Tuesday, March 16, 2010

Managing hypertension

Estimates show that e.g in the UK out of the 12 million people that have high blood pressure half of them are unaware of the problem. Since I am one of those, this is a subject that is literally “close to my heart”.

When Pamela was diagnosed as having high blood pressure, I bought a monitor which we used for a while. In her case, the results showed that she did not have a problem to be concerned about. My results were high but not critical so we stopped monitoring. That was a mistake because unbeknown to me, my pressure was going off the scale. It was only when I went for a medical to get a new driving license that I discovered just how high my blood pressure had risen. So now I keep an eye on it by measuring my pressure at monthly intervals.

High blood pressure (hypertension) matters because it prematurely ages the lining of arteries, increasing the risk of problems including heart disease, stroke, kidney damage, and erectile dysfunction. The World Health Organisation estimates that it is now responsible for half of cases of coronary heart disease and three quarters of strokes in the UK.

Luckily in my case the heart valves and the arterial linings only show mild deteriation as a result of my hypertension. Hopefully, I was saved in time to prevent more serious problems.

Reports show that, in most cases, hypertension is due to a combination of ageing and lifestyle factors (particularly a high salt intake) but the underlying mechanisms remain poorly understood. Identifiable causes, such as kidney disease, are found in fewer than 5 per cent of people. My mother and my grand mother used to ladle the stuff into cooking and we always sprinkled salt on our food especially fish and chips! Now, we don't have a salt cellar in the house and Pam never adds salt when cooking. Still there is a lot of salt, along with a lot of sugar, added to the foods that you buy.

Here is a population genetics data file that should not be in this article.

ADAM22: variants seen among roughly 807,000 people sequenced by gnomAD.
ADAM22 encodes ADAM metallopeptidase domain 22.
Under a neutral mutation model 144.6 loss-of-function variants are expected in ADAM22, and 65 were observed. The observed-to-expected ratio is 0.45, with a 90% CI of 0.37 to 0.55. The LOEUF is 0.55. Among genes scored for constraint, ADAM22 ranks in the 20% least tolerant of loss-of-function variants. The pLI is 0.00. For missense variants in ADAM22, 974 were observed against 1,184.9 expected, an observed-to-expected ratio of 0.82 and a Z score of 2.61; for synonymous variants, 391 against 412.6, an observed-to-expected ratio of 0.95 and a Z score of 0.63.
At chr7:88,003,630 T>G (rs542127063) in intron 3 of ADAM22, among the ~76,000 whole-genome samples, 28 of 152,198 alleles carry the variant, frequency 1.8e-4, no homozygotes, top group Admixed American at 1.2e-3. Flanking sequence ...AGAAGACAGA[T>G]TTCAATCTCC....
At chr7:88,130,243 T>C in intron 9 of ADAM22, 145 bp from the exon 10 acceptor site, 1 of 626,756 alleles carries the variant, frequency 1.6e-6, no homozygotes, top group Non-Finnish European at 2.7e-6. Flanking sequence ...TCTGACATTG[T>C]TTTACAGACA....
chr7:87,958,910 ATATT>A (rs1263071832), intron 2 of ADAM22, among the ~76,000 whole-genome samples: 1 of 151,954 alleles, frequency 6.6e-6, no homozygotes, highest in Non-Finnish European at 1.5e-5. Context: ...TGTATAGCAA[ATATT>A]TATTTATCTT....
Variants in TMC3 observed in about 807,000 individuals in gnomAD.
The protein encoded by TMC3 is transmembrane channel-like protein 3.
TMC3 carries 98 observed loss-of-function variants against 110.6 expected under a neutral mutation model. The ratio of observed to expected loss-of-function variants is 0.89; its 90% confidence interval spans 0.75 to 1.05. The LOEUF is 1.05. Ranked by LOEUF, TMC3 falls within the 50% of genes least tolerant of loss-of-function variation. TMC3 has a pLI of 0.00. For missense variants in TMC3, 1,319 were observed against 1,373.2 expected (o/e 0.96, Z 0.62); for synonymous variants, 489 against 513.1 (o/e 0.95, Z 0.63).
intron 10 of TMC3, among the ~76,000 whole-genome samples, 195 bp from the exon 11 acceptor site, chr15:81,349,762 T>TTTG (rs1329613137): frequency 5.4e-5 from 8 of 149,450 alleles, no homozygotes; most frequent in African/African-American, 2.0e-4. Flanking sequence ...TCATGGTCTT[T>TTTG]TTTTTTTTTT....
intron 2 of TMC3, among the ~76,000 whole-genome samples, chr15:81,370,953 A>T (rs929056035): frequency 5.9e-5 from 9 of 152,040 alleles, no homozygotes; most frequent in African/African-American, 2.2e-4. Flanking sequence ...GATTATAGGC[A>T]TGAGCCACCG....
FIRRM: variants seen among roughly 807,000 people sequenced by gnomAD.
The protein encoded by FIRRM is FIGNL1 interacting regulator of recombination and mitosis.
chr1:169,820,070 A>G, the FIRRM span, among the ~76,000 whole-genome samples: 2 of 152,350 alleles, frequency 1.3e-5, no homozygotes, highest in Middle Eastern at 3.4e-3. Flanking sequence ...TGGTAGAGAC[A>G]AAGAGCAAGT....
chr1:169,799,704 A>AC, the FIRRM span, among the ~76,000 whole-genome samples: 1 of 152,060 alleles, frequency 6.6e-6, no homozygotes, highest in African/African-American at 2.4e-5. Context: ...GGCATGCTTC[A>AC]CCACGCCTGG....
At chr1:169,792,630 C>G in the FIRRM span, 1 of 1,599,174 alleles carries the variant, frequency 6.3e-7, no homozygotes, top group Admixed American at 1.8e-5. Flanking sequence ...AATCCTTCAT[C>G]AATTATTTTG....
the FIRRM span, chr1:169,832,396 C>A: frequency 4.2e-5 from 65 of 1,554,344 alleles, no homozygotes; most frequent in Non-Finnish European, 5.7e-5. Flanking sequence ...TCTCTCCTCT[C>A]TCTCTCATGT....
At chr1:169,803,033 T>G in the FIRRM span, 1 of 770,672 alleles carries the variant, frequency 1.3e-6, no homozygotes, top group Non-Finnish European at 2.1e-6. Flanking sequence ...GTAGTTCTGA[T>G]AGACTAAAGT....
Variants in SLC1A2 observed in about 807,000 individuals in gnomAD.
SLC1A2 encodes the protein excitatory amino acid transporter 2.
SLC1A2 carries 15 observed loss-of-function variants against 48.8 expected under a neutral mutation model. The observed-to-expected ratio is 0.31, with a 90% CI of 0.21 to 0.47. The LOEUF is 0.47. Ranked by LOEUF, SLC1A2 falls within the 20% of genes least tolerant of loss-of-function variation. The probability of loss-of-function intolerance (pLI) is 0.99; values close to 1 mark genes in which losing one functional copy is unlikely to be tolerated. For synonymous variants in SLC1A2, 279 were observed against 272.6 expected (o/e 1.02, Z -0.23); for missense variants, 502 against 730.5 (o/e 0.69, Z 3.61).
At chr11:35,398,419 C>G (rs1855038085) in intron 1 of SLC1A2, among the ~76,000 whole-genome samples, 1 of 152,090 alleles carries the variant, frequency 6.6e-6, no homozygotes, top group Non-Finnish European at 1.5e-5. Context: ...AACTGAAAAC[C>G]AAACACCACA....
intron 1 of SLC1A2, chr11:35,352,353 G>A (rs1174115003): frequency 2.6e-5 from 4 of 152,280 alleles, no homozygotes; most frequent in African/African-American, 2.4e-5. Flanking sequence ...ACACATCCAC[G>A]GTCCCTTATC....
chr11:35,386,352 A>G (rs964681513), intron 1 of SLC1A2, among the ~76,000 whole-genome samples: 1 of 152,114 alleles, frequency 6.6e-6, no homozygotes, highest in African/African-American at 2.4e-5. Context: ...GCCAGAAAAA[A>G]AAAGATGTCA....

How do you know if you are suffering from hypertension?

A normal reading in the surgery is generally regarded as anything below 140/90 millimetres of mercury (mmHg), where the lower figure (diastolic) is the constant pressure within the arteries, and the higher (systolic) one the peak reached during each beat of the heart. At home, the readings should be lower.

However, it’s not just where it’s taken that matters. Other factors influence the readings, ranging from the time of day — it normally peaks in the evening and drops by as much 20 per cent during the early hours of the morning — to how bad the traffic was on the way to the surgery, which is why it’s standard practice to recheck high readings.

For those of us who suffer from hypertension, the treatment is likely to be lifelong, with around a third of patients needing one drug, another third requiring two, and the remainder needing three drugs to get their pressures down to target levels. The current upper limit for good control is set at 140/90 for most people, but studies suggest that the lower the better, with optimum level for long-term health likely to be closer to 120 for the upper figure.

Of course, taking tablets to reduce pressure is only one part of the solution to the problem. It is necessary to try to reduce your blood pressure naturally by cutting out salt, losing weight and doing more exercise and to take steps to minimise additional hazards that may compound the problem — giving up smoking, for instance, won’t lower blood pressure, but will slash the odds of someone with hypertension going to an early grave because of a heart attack.

Blood pressure facts

•A third of men and a quarter of women in the UK have high blood pressure — at least half are receiving no treatment.

•Eating more fruit and veg, exercising and losing weight may be all that is required in milder cases. Cutting out salt is particularly important.

•The equivalent of two glasses of wine a day may be beneficial, but heavier drinking raises blood pressure.

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